Johnnie Cole, former head football coach at Texas Southern, was unsuccessful in his appeal of his three-year show-cause order that came from Texas Southern’s 2012 major infractions case. Cole appealed both the show-cause penalty and the findings that he failed to promote an atmosphere of compliance and failed to monitor the football program.
Cole’s appeal of the findings was quickly dismissed by the Infractions Appeals Committee. But how the committee handled the penalty appeal was more interesting. Cole appealed the show-cause in part because of a violation the Committee on Infractions mentioned, but did not find:
It merely referred to the situation in connection with charges against the institution’s basketball coach and cited the matter in its discussion of the former head football coach’s penalty. Under these circumstances, it is reasonable to assume that the Committee on Infractions made such a finding by implication.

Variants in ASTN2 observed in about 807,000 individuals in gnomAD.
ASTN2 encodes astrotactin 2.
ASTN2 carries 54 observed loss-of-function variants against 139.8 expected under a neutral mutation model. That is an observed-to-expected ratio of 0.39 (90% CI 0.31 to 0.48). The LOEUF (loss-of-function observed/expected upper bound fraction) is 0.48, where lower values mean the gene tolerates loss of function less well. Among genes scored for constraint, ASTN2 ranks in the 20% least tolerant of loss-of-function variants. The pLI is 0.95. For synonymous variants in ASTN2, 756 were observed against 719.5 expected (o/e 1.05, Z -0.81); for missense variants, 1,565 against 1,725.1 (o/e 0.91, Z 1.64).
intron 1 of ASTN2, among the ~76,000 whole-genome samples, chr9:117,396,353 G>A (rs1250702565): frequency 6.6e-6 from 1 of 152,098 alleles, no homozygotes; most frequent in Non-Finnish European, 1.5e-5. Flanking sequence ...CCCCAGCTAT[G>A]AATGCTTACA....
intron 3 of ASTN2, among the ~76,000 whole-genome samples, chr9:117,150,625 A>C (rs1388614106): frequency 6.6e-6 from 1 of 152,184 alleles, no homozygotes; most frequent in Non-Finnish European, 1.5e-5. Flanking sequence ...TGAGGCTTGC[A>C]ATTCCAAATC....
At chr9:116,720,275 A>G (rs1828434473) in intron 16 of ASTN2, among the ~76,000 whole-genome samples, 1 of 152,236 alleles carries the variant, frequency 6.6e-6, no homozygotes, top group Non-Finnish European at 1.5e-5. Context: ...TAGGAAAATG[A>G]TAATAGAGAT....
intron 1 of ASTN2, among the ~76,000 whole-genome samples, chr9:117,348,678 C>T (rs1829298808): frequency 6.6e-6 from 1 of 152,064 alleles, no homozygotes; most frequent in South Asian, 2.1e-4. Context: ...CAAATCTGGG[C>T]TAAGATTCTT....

Immediately after helping the COI out, the appeals committee took a moment to chastise the Committee on Infractions:
It is important to note that the Infractions Appeals Committee considers such a procedure to be most unwise. In future cases, the Committee on Infractions should make such finding explicitly before referring to a violation in its discussion of the penalties to be imposed on the violator.
This language suggests that the appeals committee will find in favor of coaches or institutions in the future if the COI relies on violations it did not deal with explicitly in the findings. But important to upholding the penalties in this case was that an “extensive review” of precedent for show-cause penalties supported the order imposed on Cole.